I know you had another post earlier criticizing biblical counseling; I was just wondering where Larry Crabb fell into the spectrum of Askins Opinions. 🙂

      • Well, I’m flattered to have a spectrum of opinions ascribed to me. 😉

        As I understand it, Crabb is considered an integrationist so I think the content of my post would probably apply to his work (as somewhat far-sighted), but that’s a presumption based on his methodology, not any actual details. Some scholars which I greatly respect have spoken highly of Crabb’s work, for what that might be worth.

        Tell Tom we missed him this 4th of July, but I’m sure you were glad to have him with you. Thanks for loaning him out last year though!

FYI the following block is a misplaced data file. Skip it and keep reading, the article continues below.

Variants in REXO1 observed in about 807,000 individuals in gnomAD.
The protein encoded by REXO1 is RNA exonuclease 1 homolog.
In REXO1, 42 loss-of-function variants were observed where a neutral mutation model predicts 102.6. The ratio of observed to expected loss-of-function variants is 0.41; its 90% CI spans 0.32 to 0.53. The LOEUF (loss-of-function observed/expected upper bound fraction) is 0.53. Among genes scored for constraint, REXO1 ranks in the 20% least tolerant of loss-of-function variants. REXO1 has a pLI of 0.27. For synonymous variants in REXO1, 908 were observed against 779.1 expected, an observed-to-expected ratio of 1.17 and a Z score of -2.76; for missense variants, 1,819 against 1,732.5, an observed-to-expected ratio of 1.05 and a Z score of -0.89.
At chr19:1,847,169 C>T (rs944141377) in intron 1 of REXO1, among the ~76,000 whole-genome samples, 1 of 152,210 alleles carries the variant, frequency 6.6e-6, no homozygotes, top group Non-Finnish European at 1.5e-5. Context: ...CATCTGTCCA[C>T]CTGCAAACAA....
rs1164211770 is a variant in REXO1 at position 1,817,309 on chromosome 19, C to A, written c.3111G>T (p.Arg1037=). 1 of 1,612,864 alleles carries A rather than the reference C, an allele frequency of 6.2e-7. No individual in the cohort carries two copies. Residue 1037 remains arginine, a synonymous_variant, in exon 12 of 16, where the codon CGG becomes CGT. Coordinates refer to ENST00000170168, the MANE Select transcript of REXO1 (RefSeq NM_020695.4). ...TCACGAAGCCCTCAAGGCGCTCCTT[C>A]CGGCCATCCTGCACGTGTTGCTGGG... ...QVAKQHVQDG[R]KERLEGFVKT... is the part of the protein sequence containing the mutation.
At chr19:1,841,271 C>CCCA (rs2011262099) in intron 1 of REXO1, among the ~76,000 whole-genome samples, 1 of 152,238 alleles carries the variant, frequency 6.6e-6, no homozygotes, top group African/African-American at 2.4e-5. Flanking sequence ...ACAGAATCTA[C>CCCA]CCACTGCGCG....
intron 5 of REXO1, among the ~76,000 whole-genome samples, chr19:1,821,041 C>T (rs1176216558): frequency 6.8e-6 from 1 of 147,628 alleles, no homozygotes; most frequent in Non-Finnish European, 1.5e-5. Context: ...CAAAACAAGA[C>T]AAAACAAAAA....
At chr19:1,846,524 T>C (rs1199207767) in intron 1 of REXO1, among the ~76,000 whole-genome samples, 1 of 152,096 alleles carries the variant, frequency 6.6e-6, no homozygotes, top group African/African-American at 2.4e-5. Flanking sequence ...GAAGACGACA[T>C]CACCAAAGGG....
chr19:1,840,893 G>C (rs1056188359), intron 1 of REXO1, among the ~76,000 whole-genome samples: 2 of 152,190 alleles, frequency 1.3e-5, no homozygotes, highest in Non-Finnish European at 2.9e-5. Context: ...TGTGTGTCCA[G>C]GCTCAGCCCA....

• Haha, I phrased that poorly. I meant the Askins Opinion on where Larry Crabb falls in the spectrum of counseling methods. 🙂 Thanks for your thoughts!

        I passed your message along to Tom, but it seems he failed to mention to you that he deployed…? He’s been gone since 2 days after Christmas. (Am I allowed to say that on the Internet??)

      • What a bum. Tell him I said, “Do push-ups” then.